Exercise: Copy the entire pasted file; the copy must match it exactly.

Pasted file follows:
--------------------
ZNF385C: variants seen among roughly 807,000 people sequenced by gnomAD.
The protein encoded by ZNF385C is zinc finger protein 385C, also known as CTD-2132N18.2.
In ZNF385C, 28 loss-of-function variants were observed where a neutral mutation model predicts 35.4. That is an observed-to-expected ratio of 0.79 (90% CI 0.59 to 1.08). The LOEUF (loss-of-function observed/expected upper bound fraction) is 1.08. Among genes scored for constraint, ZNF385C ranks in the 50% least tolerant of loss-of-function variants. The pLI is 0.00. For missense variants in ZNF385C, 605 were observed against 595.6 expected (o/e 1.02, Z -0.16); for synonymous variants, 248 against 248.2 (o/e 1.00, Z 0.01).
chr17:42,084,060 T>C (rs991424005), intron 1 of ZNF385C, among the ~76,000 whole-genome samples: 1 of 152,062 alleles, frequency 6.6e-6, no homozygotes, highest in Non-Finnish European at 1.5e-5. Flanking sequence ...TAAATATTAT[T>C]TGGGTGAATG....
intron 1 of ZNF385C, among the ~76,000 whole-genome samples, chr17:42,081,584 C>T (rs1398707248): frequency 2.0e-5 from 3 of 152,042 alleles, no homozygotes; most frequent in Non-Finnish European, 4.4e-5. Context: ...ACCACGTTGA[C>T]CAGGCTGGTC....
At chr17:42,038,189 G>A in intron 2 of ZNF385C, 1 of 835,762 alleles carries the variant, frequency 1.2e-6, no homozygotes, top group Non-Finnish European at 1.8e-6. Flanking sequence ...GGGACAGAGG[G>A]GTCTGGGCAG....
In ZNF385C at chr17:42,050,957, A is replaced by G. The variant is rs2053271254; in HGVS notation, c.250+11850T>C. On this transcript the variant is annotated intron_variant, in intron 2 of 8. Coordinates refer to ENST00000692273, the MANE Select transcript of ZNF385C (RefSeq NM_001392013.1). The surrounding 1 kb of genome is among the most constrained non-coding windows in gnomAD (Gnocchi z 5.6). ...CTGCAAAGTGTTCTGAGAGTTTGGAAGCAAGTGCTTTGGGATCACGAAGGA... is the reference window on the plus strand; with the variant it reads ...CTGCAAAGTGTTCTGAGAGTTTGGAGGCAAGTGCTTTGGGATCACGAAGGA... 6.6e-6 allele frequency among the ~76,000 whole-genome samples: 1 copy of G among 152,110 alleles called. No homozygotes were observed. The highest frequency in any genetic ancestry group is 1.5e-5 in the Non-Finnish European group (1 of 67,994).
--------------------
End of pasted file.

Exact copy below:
ZNF385C: variants seen among roughly 807,000 people sequenced by gnomAD.
The protein encoded by ZNF385C is zinc finger protein 385C, also known as CTD-2132N18.2.
In ZNF385C, 28 loss-of-function variants were observed where a neutral mutation model predicts 35.4. That is an observed-to-expected ratio of 0.79 (90% CI 0.59 to 1.08). The LOEUF (loss-of-function observed/expected upper bound fraction) is 1.08. Among genes scored for constraint, ZNF385C ranks in the 50% least tolerant of loss-of-function variants. The pLI is 0.00. For missense variants in ZNF385C, 605 were observed against 595.6 expected (o/e 1.02, Z -0.16); for synonymous variants, 248 against 248.2 (o/e 1.00, Z 0.01).
chr17:42,084,060 T>C (rs991424005), intron 1 of ZNF385C, among the ~76,000 whole-genome samples: 1 of 152,062 alleles, frequency 6.6e-6, no homozygotes, highest in Non-Finnish European at 1.5e-5. Flanking sequence ...TAAATATTAT[T>C]TGGGTGAATG....
intron 1 of ZNF385C, among the ~76,000 whole-genome samples, chr17:42,081,584 C>T (rs1398707248): frequency 2.0e-5 from 3 of 152,042 alleles, no homozygotes; most frequent in Non-Finnish European, 4.4e-5. Context: ...ACCACGTTGA[C>T]CAGGCTGGTC....
At chr17:42,038,189 G>A in intron 2 of ZNF385C, 1 of 835,762 alleles carries the variant, frequency 1.2e-6, no homozygotes, top group Non-Finnish European at 1.8e-6. Flanking sequence ...GGGACAGAGG[G>A]GTCTGGGCAG....
In ZNF385C at chr17:42,050,957, A is replaced by G. The variant is rs2053271254; in HGVS notation, c.250+11850T>C. On this transcript the variant is annotated intron_variant, in intron 2 of 8. Coordinates refer to ENST00000692273, the MANE Select transcript of ZNF385C (RefSeq NM_001392013.1). The surrounding 1 kb of genome is among the most constrained non-coding windows in gnomAD (Gnocchi z 5.6). ...CTGCAAAGTGTTCTGAGAGTTTGGAAGCAAGTGCTTTGGGATCACGAAGGA... is the reference window on the plus strand; with the variant it reads ...CTGCAAAGTGTTCTGAGAGTTTGGAGGCAAGTGCTTTGGGATCACGAAGGA... 6.6e-6 allele frequency among the ~76,000 whole-genome samples: 1 copy of G among 152,110 alleles called. No homozygotes were observed. The highest frequency in any genetic ancestry group is 1.5e-5 in the Non-Finnish European group (1 of 67,994).